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I also like to hand sew the top 1/4″ above the opening for the ribbon.

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Free Pattern: Morel Hat

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I actually cast on for this hat months ago… I bought the wool at Rhinebeck last fall, and I knew I wanted to knit it into a scrumptious, slouchy, textured hat. But then summer happened, and it got set aside. When Florrie came up with that delicious spicy mushroom dish a few weeks ago, an idea was born. We thought that it would be super fun to pair a knit with a recipe. We didn’t use morels in the recipe, but the texture of the wheat stitch in the hat reminded me of morel’s tall textured caps. The recipe is included in the pattern PDF for you to make and enjoy. Both the soup and the hat will warm you up on a chilly fall day. 🙂

Morel features an elongated wheat stitch with pretty eyelet detail at the brim. The ribbing along the brim will stretch to fit many sizes, but there are instructions for a small and large hat. The hat is designed to be unisex, but if you feel that the eyelet is too feminine, you can knit the yarn overs twisted to close them up.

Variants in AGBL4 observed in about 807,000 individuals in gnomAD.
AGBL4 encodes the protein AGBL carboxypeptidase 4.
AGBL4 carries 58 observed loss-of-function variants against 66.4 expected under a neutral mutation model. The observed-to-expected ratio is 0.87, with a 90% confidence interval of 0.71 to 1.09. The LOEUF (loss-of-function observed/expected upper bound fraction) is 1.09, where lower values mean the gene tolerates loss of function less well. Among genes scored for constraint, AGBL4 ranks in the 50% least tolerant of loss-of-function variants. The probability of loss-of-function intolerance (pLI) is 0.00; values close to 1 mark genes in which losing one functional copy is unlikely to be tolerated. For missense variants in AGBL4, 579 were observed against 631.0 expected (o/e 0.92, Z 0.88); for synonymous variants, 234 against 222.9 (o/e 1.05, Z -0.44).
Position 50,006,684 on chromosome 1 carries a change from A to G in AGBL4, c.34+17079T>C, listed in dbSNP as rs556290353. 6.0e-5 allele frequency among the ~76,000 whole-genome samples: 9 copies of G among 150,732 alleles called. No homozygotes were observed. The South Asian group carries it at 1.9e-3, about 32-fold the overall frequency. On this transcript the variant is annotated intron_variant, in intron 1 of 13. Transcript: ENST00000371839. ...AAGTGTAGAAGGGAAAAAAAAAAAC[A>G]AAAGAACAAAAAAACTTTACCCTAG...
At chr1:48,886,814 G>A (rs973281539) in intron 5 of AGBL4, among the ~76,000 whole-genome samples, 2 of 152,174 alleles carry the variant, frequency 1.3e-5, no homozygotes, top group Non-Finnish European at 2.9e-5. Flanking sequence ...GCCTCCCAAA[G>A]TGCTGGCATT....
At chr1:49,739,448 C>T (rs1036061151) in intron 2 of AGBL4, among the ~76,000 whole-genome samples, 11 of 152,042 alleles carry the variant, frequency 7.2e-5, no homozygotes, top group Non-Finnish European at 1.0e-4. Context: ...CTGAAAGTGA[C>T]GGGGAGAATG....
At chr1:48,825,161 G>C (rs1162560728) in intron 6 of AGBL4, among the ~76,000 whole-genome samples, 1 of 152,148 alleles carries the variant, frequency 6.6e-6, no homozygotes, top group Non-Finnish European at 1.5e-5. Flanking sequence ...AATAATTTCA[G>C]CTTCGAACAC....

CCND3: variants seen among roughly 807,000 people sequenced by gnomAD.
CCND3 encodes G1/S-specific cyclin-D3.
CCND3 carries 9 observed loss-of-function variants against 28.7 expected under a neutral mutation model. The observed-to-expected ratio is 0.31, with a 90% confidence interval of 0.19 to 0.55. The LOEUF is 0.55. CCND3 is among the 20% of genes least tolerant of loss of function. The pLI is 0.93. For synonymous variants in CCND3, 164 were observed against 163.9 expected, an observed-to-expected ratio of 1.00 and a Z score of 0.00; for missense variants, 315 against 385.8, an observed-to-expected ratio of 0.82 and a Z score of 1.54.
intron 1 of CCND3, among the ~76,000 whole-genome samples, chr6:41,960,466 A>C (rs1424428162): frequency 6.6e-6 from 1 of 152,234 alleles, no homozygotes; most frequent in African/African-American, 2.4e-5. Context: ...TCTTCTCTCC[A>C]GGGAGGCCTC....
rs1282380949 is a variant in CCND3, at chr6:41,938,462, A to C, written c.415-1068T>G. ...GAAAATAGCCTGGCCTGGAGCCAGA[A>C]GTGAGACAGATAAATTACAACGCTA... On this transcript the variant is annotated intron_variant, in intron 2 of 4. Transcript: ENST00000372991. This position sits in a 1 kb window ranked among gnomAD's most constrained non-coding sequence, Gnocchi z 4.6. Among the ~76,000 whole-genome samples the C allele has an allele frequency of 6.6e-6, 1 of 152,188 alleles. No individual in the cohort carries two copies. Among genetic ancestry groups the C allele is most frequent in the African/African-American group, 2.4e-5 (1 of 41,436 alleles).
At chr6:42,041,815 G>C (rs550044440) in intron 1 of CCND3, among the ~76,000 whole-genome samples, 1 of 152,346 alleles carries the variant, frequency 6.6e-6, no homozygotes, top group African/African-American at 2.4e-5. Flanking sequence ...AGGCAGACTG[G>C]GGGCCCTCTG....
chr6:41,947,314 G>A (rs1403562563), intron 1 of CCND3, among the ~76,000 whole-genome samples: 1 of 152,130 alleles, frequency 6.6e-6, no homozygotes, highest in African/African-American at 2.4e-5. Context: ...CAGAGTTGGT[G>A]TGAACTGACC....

Finished Measurements
Small (Large)
7in (9in) / 18cm (29cm) wide at brim, laid flat
18in (22in) / 46cm (56cm) circ. gently stretched
8in (10in) / 20cm (25.5cm) high, laid flat
Finished weight of large hat 3.5oz/98g
Gauge
8 stitches & 8 rows per 1 inch in wheat stitch.
Needle
1 pair US5(3.75mm) 16in/40.5cm circular needles, or needles to obtain gauge.
1 set US5(3.75mm) double pointed needles
Suggested Yarn
Miss Babs Northumbria DK (100% Bluefaced Leicester Wool) 240yd/3.5oz (225m/100g)
For project: approximately 235yd/3.5oz (215m/98g)
Colorway: Candied Pecan
Notions
Darning needle for finishing

Download the FREE pattern at Ravelry

Free Pattern: Astoria Cowl

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astoria, new, york, city, cowl, scarf, knit, knitting, warm, wool, yarn, free, pattern, florriemarie, heidi, marie, robinson

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Here’s a free new pattern for you for this beautiful, crisp September morning.

This textured cowl is a great beginning knitter project, or an auto pilot knit for a more experienced knitter wanting something easy and familiar to do with their hands. Its knit in the round so there will be no seams to sew, and the simple pattern is completely reversible.